If you are considering starting a business in Brazil and are already doing business elsewhere, you may find that your best option is to incorporate a branch.
When you form a branch in Brazil, you enjoy the convenience of being able to offer a product or service already established elsewhere — meaning many elements of your value chain are already installed and you may already enjoy some product recognition in Brazil.
You also retain a greater degree of control over the operations and finances of a branch compared to a subsidiary in Brazil — however that also means a greater degree of liability in terms of debts and taxes, with the parent company of a branch fully liable for such burdens.
Brazil is well-known for having the biggest economy in Latin America by GDP, as well as being the region’s largest country by area and most populous. Brazil’s sheer scale, along with an abundance of natural resources, mean that a wide range of opportunities are on offer to investors in the country.
Being such an important source of raw materials and agricultural goods, Brazil is also a major hub for trade, and has a range of free trade agreements (FTAs) and preferential trade agreements in place, offering resident companies better access to key markets around the globe.
Many of those agreements come through the country’s membership of the Southern Common Market (Mercosur) — a 30-year-old economic association that also includes Argentina, Paraguay, and Uruguay. Currently Mercosur is negotiating an FTA with the European Union — its biggest trading partner.
If you interested in entering this massive market and looking to register a branch in Brazil, it is worth keeping in mind that the country is known for its often complicated red tape, with administrative hoops to jump through at the local, municipal, regional, and federal level.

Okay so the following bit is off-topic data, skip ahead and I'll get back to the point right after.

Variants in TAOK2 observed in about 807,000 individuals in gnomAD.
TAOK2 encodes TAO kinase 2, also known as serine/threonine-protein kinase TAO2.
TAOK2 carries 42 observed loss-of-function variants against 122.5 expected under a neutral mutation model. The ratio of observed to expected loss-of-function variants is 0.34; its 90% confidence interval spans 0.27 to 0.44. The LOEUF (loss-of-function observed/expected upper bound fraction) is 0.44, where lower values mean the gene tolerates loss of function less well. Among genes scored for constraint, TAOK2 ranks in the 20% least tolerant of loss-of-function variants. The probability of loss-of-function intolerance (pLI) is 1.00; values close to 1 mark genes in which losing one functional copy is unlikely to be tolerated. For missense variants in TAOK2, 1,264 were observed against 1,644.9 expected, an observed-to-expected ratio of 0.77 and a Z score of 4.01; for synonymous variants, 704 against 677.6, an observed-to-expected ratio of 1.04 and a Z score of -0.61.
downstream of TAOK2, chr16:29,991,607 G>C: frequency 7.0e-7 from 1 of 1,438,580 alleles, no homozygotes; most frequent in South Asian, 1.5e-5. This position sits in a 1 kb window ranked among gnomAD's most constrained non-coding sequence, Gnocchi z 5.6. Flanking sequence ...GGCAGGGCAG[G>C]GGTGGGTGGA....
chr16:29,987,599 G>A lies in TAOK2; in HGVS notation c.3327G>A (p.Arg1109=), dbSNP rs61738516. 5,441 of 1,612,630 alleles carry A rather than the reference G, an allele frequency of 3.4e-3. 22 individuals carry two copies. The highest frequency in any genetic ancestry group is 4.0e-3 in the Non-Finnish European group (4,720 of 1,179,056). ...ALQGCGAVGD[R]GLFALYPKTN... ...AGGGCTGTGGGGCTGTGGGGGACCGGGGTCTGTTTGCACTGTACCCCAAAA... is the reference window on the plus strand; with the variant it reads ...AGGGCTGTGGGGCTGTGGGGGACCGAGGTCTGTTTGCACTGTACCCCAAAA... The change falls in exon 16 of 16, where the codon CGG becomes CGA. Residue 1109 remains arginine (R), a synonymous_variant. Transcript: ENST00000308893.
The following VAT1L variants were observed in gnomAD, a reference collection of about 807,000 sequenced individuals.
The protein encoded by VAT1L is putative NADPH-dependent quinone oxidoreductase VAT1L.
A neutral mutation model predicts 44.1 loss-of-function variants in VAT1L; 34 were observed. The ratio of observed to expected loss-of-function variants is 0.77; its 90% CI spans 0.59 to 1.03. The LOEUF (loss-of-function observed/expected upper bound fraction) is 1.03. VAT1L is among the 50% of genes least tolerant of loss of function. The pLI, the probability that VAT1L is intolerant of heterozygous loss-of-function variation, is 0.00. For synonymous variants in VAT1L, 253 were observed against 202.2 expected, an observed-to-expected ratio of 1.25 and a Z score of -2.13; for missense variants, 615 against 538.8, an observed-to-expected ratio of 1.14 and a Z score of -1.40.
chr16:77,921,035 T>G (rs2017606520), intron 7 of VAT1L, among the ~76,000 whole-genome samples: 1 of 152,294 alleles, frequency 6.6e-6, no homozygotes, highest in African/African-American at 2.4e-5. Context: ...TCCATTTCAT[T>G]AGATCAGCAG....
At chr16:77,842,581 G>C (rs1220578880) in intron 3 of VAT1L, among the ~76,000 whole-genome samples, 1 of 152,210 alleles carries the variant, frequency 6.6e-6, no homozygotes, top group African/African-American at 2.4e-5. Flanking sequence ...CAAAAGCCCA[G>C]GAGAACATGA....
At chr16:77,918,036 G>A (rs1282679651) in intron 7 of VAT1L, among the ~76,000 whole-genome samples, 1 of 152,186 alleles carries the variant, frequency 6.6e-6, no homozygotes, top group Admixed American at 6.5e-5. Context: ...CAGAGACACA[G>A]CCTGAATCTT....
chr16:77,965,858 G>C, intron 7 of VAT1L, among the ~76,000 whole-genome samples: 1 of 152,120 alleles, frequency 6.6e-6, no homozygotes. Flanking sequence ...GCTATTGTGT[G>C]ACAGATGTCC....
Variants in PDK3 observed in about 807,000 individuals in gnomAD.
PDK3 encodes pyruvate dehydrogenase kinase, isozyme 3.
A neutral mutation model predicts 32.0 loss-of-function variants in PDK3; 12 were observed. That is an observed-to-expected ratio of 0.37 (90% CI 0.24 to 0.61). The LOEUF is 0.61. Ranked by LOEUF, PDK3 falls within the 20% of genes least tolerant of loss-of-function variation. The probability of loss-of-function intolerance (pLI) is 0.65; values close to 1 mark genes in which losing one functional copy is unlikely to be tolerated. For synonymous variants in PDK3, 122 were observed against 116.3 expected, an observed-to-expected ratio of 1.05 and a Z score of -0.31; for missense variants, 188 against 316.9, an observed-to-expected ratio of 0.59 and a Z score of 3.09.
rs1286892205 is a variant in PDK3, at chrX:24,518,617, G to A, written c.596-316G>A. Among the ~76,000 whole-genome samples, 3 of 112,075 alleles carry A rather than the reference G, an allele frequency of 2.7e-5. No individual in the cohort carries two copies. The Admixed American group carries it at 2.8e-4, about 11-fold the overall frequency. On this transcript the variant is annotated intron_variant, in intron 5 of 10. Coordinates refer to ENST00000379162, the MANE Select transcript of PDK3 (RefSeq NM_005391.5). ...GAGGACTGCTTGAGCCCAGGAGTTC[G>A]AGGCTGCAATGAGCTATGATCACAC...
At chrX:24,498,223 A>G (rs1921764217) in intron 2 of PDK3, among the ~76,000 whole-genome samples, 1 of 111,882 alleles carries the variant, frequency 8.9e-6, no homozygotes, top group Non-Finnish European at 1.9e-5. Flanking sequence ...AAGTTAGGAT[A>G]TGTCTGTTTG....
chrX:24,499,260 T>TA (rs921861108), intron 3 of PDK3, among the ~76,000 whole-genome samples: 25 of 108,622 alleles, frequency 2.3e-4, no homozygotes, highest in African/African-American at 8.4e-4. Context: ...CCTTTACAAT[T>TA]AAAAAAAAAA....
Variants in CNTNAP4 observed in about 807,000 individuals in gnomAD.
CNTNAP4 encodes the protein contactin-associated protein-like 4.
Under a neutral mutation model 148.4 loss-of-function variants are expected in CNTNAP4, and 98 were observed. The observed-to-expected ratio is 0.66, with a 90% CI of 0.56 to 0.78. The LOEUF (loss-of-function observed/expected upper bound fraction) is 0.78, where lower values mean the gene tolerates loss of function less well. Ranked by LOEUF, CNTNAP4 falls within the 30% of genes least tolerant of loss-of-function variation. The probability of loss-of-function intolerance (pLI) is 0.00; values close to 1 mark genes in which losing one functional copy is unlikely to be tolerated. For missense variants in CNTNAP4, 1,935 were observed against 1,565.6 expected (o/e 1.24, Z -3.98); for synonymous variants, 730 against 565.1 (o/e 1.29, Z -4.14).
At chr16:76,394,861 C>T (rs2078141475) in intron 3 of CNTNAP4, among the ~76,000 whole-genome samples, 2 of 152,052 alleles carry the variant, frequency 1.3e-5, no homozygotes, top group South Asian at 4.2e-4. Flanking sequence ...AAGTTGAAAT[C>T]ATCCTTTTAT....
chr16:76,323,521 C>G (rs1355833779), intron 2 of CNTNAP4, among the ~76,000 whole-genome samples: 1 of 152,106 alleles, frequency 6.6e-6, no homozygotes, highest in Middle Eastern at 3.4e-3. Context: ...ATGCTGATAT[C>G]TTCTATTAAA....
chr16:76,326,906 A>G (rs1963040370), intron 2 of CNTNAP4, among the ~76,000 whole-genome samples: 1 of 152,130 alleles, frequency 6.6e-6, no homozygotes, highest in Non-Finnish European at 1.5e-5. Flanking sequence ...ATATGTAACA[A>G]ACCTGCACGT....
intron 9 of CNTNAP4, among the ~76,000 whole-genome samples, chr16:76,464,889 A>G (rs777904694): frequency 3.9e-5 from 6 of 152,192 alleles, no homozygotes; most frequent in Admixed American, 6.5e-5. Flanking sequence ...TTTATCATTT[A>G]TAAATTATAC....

As such, if you form a branch in Brazil with no prior experience with the regulatory regime, and especially if your grasp of Portuguese is limited, you will need to find a local partner to support you in order to make sure that all processes are undertaken in the most efficient manner possible.
To incorporate a branch in Brazil, some essential steps must be undertakern and some basic requirements must be met. Below an overview of those nine steps is included.
If you would like to know more about how we can support you with market entry and ongoing operations in Brazil, contact us today.
Table of Contents
Incorporate a branch in Brazil in 9 key steps
The process to incorporate a branch in Brazil involved the following nine steps:
Step 1: Request government authorization
The first step when you want to form a branch in Brazil is to request authorization from the Brazilian Federal Government, which must be granted before you can move on with the process.
Step 2: Request local tax numbers
Once the government has authorized you to register a branch in Brazil, the next step is for the company shareholders to obtain a Brazilian tax ID. For companies, this is known as the CNPJ, while for individuals this is the CPF.
Step 3: Register with financial authorities
Once the shareholders have obtained their identification numbers, they must be registered before the Central Bank and then before the Federal Revenue of Brazil.
Step 4: Appoint a legal representative
Once the shareholders have been registered before financial authorities, you must appoint a legal representative in Brazil via a power of attorney (POA).
Step 5: Draft the company bylaws
Once you have appointed a legal representative, they will be able to assist you with drafting the company bylaws, which is the next crucial step in the process to incorporate a branch in Brazil.
Step 6: Register the branch in Brazil
With the company bylaws drafted, you will be able to register the branch in Brazil before the local Trade Board, as well as other authorities.
Step 7: Open a corporate bank account
In order to form a branch in Brazil, you will need to have a corporate bank account for the entity, which can be opened once the registrations outlined in step five have been completed.
To complete this part of the process, the following documents will be needed:
- Documentation related to all shareholders
- Articles of incorporation
- Taxpayer IDs.
Step 8: Register the social capital